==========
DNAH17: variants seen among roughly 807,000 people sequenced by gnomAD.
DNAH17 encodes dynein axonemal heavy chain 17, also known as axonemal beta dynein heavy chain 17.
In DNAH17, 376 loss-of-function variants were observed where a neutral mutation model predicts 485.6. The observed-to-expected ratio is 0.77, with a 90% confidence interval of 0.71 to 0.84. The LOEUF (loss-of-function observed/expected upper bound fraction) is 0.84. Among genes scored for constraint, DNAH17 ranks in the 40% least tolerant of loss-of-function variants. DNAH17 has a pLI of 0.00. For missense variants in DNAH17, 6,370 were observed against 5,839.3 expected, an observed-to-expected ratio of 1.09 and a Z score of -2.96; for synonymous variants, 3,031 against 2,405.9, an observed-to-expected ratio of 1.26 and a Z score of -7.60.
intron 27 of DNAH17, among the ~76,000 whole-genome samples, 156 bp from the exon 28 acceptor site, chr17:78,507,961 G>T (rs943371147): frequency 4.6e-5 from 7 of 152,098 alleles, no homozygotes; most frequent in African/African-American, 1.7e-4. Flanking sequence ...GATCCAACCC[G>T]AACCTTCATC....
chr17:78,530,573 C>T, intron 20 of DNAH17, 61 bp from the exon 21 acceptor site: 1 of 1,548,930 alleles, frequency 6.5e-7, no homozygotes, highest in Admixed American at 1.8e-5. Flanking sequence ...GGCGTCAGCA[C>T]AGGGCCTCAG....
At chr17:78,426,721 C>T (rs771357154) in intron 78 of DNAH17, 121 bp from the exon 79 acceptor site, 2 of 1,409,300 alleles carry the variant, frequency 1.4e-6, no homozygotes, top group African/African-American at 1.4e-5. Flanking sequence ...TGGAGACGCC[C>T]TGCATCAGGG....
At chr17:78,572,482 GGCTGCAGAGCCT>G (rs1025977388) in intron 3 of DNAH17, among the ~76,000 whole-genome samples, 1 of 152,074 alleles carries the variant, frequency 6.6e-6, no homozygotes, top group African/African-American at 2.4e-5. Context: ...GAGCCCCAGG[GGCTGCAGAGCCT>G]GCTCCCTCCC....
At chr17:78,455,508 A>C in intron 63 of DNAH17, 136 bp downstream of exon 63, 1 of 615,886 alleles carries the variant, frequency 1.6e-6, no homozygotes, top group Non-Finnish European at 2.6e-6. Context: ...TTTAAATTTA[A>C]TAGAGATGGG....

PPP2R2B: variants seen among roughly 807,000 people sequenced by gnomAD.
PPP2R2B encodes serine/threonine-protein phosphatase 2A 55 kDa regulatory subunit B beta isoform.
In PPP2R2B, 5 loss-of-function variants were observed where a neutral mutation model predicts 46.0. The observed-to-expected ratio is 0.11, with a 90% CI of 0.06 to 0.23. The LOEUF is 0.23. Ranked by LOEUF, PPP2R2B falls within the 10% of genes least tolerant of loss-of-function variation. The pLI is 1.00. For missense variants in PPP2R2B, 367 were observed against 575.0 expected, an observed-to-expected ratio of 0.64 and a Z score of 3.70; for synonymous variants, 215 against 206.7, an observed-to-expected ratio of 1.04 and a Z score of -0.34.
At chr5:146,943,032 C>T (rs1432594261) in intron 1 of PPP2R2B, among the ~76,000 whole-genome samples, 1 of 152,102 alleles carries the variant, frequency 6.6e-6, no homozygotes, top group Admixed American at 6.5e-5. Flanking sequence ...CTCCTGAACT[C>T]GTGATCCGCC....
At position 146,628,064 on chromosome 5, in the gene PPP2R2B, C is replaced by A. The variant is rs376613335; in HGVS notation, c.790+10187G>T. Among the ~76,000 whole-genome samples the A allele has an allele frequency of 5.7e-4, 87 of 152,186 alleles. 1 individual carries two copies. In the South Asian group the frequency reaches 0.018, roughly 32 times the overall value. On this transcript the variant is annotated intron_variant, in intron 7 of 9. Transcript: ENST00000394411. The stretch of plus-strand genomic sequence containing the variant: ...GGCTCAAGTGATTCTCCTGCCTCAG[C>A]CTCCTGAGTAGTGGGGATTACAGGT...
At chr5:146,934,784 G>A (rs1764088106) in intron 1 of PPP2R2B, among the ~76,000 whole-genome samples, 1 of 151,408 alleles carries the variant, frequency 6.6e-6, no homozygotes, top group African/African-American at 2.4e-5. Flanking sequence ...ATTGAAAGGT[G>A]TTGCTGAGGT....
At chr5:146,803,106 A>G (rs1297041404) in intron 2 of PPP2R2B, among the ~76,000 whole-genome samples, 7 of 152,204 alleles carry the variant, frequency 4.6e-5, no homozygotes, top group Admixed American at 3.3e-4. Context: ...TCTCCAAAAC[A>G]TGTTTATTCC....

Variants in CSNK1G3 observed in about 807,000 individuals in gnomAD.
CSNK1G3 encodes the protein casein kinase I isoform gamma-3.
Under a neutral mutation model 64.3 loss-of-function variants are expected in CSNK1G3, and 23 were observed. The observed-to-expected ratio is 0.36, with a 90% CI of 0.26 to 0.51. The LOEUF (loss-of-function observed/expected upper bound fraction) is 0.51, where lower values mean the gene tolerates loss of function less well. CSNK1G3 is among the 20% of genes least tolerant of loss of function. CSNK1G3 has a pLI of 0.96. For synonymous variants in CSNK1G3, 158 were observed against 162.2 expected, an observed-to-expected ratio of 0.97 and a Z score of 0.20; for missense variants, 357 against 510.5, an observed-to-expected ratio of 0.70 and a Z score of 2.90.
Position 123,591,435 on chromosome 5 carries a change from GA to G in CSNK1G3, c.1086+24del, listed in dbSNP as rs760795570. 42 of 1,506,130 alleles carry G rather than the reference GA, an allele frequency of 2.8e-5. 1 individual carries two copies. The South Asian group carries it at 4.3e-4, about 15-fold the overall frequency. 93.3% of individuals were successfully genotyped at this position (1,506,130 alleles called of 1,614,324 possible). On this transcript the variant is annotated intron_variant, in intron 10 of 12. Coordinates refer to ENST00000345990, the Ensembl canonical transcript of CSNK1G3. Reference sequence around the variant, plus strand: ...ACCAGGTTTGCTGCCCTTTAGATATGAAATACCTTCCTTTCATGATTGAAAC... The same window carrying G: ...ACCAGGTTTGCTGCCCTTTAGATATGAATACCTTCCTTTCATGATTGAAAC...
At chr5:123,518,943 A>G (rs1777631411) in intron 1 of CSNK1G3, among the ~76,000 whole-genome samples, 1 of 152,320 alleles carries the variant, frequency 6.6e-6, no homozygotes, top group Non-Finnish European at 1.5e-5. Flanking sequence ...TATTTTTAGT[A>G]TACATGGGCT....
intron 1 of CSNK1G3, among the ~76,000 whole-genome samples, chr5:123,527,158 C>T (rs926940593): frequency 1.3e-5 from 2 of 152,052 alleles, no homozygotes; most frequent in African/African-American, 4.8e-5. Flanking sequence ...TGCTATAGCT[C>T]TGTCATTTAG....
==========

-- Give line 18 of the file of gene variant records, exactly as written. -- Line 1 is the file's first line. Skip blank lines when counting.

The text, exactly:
Under a neutral mutation model 64.3 loss-of-function variants are expected in CSNK1G3, and 23 were observed. The observed-to-expected ratio is 0.36, with a 90% CI of 0.26 to 0.51. The LOEUF (loss-of-function observed/expected upper bound fraction) is 0.51, where lower values mean the gene tolerates loss of function less well. CSNK1G3 is among the 20% of genes least tolerant of loss of function. CSNK1G3 has a pLI of 0.96. For synonymous variants in CSNK1G3, 158 were observed against 162.2 expected, an observed-to-expected ratio of 0.97 and a Z score of 0.20; for missense variants, 357 against 510.5, an observed-to-expected ratio of 0.70 and a Z score of 2.90.